Artist: John Coltrane
Genre: Hard Bop
There are plenty of people who worship at the altar of John Coltrane. No, seriously, there’s an actual Saint John Coltrane African Orthodox Church in San Francisco. I’d never go that far, but I can sort of see where they’re coming from.
The opening bars of the title track are iconic, easily the finest moments on the album. The rest of Blue Train is standard hard bop as usual. Although Coltrane was still a young bandleader, he was already a seasoned vet in terms of instrumental ability. His prior experience playing with Thelonious Monk, Dizzy Gillespie and the Miles Davis Quintet had paid off. You only need to listen to Blue Train for a few seconds to realize that Mr. Coltrane is an incredible talent.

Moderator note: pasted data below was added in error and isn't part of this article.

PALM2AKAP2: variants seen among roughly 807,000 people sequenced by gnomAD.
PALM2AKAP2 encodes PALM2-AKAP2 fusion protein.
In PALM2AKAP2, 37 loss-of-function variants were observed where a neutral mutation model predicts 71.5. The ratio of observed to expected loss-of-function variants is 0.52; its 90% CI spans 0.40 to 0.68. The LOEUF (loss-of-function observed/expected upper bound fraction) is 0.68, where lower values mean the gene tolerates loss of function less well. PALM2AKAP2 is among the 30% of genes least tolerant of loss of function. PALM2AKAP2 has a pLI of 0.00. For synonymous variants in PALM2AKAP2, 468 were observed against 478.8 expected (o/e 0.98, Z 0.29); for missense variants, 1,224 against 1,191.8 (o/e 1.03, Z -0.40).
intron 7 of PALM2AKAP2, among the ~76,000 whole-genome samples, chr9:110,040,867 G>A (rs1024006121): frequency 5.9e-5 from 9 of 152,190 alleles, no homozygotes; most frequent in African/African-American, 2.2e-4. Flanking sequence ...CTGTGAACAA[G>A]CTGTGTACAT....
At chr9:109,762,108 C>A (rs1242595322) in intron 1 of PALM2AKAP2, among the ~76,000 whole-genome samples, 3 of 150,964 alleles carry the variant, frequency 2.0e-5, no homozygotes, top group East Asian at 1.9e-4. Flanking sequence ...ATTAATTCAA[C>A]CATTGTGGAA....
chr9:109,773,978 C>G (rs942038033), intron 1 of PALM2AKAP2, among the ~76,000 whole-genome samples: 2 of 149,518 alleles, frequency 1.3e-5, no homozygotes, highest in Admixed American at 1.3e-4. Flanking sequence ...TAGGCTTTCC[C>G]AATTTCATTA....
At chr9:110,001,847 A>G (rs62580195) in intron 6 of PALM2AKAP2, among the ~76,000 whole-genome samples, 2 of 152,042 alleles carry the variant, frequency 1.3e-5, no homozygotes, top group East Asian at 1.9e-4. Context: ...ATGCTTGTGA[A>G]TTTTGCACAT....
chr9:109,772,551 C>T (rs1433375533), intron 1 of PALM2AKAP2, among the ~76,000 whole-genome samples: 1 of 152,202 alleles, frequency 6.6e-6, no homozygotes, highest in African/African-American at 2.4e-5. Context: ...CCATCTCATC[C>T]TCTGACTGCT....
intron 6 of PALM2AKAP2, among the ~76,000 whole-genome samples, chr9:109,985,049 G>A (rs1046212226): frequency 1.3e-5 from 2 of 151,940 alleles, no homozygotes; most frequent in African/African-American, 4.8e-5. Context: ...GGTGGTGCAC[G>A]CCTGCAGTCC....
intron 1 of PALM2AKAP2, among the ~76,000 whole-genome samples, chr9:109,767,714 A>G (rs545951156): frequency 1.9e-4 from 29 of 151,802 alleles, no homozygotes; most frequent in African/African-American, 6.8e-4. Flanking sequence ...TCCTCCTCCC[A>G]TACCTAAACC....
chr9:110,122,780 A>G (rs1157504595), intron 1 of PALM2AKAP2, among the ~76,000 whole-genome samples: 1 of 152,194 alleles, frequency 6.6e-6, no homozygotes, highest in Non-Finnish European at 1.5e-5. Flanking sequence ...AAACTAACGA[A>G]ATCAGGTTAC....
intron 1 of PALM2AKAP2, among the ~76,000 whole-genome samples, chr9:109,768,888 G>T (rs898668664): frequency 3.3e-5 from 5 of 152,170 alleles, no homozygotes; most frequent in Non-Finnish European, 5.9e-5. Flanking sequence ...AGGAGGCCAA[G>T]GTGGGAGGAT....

Keep in mind that this recording was only Coltrane’s second as a solo bandleader. The man was still searching for his signature style. I usually prefer my Coltrane to be mystic and mysterious. On Blue Train, the music is relatively conventional and straightforward. That isn’t necessarily a bad thing. It’s just that the standards set by A Love Supreme and Giant Steps are so unbelievably high that Coltrane’s early work can’t be expected to compare.